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Constructor function vs Factory functions



Can someone clarify the difference between a constructor function and a factory function in Javascript.

When to use one instead of the other?


The basic difference is that a constructor function is used with the new keyword (which causes JavaScript to automatically create a new object, set this within the function to that object, and return the object):

var objFromConstructor = new ConstructorFunction();

A factory function is called like a "regular" function:

var objFromFactory = factoryFunction();

But for it to be considered a "factory" it would need to return a new instance of some object: you wouldn't call it a "factory" function if it just returned a boolean or something. This does not happen automatically like with new, but it does allow more flexibility for some cases.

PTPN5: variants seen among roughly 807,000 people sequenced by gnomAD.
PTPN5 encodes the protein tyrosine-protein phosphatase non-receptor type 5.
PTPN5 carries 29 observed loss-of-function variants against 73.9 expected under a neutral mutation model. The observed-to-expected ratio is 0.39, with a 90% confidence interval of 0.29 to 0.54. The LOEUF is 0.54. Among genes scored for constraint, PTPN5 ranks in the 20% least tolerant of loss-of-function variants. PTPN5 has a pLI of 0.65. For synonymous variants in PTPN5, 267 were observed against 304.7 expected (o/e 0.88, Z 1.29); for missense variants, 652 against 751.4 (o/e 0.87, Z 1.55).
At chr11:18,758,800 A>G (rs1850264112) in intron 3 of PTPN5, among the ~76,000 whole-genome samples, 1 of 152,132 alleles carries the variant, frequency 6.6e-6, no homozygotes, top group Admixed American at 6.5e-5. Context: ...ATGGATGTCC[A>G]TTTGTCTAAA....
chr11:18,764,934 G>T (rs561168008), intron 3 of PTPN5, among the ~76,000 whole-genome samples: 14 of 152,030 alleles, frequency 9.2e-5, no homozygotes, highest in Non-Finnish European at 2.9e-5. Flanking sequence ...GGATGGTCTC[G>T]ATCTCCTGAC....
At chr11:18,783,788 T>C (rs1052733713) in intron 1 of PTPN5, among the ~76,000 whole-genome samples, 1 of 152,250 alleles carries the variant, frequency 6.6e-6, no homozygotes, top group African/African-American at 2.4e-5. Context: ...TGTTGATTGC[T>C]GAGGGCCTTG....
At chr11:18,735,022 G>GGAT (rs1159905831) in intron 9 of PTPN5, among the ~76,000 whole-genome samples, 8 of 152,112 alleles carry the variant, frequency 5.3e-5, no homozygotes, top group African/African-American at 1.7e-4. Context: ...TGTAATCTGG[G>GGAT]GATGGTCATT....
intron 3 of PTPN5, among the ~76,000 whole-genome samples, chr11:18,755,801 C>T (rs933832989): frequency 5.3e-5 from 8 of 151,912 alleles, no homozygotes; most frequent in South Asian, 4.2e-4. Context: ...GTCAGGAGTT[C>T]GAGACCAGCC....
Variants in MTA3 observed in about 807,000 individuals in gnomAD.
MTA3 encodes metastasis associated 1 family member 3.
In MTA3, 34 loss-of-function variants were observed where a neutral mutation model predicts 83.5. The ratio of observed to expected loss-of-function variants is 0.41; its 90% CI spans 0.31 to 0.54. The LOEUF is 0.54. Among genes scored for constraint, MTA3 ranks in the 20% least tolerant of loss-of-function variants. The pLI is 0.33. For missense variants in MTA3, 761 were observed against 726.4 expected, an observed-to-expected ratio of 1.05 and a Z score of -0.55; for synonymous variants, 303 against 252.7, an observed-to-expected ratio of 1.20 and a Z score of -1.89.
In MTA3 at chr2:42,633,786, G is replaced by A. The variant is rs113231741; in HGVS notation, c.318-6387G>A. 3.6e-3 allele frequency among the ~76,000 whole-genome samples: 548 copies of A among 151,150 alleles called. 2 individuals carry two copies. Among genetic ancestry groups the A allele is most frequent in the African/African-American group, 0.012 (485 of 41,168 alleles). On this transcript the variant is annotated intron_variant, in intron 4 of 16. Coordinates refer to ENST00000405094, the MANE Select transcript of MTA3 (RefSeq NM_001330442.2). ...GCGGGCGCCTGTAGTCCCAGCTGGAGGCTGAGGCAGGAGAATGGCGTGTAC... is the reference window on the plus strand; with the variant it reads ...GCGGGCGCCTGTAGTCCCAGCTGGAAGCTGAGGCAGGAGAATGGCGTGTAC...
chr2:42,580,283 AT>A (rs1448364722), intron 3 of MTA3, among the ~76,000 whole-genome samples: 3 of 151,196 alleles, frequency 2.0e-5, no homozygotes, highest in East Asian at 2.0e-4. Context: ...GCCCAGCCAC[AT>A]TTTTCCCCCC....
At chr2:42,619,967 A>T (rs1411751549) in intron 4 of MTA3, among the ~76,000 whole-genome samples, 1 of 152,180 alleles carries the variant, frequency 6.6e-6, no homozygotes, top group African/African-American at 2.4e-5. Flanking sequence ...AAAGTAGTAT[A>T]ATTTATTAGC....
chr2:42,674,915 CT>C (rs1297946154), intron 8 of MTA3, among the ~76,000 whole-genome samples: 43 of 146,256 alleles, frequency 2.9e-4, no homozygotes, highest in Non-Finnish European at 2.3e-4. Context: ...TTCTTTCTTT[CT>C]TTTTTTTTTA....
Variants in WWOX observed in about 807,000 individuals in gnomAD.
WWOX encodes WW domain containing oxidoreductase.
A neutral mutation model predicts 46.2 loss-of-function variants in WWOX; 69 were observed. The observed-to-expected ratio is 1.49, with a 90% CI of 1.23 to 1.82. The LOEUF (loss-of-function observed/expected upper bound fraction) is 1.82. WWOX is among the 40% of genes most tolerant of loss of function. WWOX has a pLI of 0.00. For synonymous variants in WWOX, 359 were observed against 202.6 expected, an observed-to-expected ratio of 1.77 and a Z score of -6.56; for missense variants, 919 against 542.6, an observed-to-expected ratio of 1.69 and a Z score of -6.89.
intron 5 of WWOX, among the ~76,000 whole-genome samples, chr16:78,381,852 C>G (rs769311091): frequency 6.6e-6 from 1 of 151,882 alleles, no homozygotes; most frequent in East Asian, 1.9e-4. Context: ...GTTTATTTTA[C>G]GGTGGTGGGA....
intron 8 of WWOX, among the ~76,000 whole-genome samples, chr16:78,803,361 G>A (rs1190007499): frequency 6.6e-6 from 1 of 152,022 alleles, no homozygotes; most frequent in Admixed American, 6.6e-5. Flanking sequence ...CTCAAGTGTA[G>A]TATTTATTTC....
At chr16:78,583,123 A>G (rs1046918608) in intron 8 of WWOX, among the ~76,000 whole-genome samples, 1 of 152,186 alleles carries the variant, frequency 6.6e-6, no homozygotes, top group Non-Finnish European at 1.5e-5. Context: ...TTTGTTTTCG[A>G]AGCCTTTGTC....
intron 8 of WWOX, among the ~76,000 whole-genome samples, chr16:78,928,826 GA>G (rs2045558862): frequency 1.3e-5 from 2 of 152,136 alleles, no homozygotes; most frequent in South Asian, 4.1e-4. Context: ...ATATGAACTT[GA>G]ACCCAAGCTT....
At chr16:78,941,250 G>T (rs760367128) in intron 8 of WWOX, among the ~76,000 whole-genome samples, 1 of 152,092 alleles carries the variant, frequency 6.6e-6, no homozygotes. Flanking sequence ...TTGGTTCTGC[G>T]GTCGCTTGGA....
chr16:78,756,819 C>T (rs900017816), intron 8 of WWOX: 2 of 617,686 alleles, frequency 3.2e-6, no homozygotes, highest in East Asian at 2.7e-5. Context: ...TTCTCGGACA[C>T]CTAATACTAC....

In a really simple example the functions referenced above might look something like this:

function ConstructorFunction() {
  this.someProp1 = "1";
  this.someProp2 = "2";
ConstructorFunction.prototype.someMethod = function() { /* whatever */ };

function factoryFunction() {
   var obj = {
      someProp1 : "1";
      someProp2 : "2";
   // other code to manipulate obj in some way here
   return obj;

Of course you can make factory functions much more complicated than that simple example.

Some people prefer to use factory functions for everything just because they don't like having to remember to use new (EDIT: and this can be a problem because without new the function will still run but not as expected). I don't see that as an advantage: new is a core part of the language so to me deliberately avoiding it is a bit arbitrary - might as well avoid other keywords like else.

One advantage to factory functions is when the object to be returned could be of several different types depending on some parameter.